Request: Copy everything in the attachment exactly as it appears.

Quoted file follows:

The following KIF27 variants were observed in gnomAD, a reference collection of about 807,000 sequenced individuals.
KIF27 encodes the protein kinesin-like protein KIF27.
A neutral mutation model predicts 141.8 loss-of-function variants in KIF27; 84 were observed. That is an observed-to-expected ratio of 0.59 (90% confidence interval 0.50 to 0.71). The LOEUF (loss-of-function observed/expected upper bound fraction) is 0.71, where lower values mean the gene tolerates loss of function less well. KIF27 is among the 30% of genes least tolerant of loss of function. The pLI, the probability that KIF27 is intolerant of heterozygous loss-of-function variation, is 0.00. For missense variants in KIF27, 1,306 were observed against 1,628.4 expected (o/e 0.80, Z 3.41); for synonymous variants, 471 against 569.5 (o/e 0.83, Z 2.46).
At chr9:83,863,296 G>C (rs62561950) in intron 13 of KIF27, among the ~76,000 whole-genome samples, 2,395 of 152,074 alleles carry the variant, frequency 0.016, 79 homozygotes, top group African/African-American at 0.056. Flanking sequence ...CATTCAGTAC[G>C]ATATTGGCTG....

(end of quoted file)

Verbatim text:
The following KIF27 variants were observed in gnomAD, a reference collection of about 807,000 sequenced individuals.
KIF27 encodes the protein kinesin-like protein KIF27.
A neutral mutation model predicts 141.8 loss-of-function variants in KIF27; 84 were observed. That is an observed-to-expected ratio of 0.59 (90% confidence interval 0.50 to 0.71). The LOEUF (loss-of-function observed/expected upper bound fraction) is 0.71, where lower values mean the gene tolerates loss of function less well. KIF27 is among the 30% of genes least tolerant of loss of function. The pLI, the probability that KIF27 is intolerant of heterozygous loss-of-function variation, is 0.00. For missense variants in KIF27, 1,306 were observed against 1,628.4 expected (o/e 0.80, Z 3.41); for synonymous variants, 471 against 569.5 (o/e 0.83, Z 2.46).
At chr9:83,863,296 G>C (rs62561950) in intron 13 of KIF27, among the ~76,000 whole-genome samples, 2,395 of 152,074 alleles carry the variant, frequency 0.016, 79 homozygotes, top group African/African-American at 0.056. Flanking sequence ...CATTCAGTAC[G>C]ATATTGGCTG....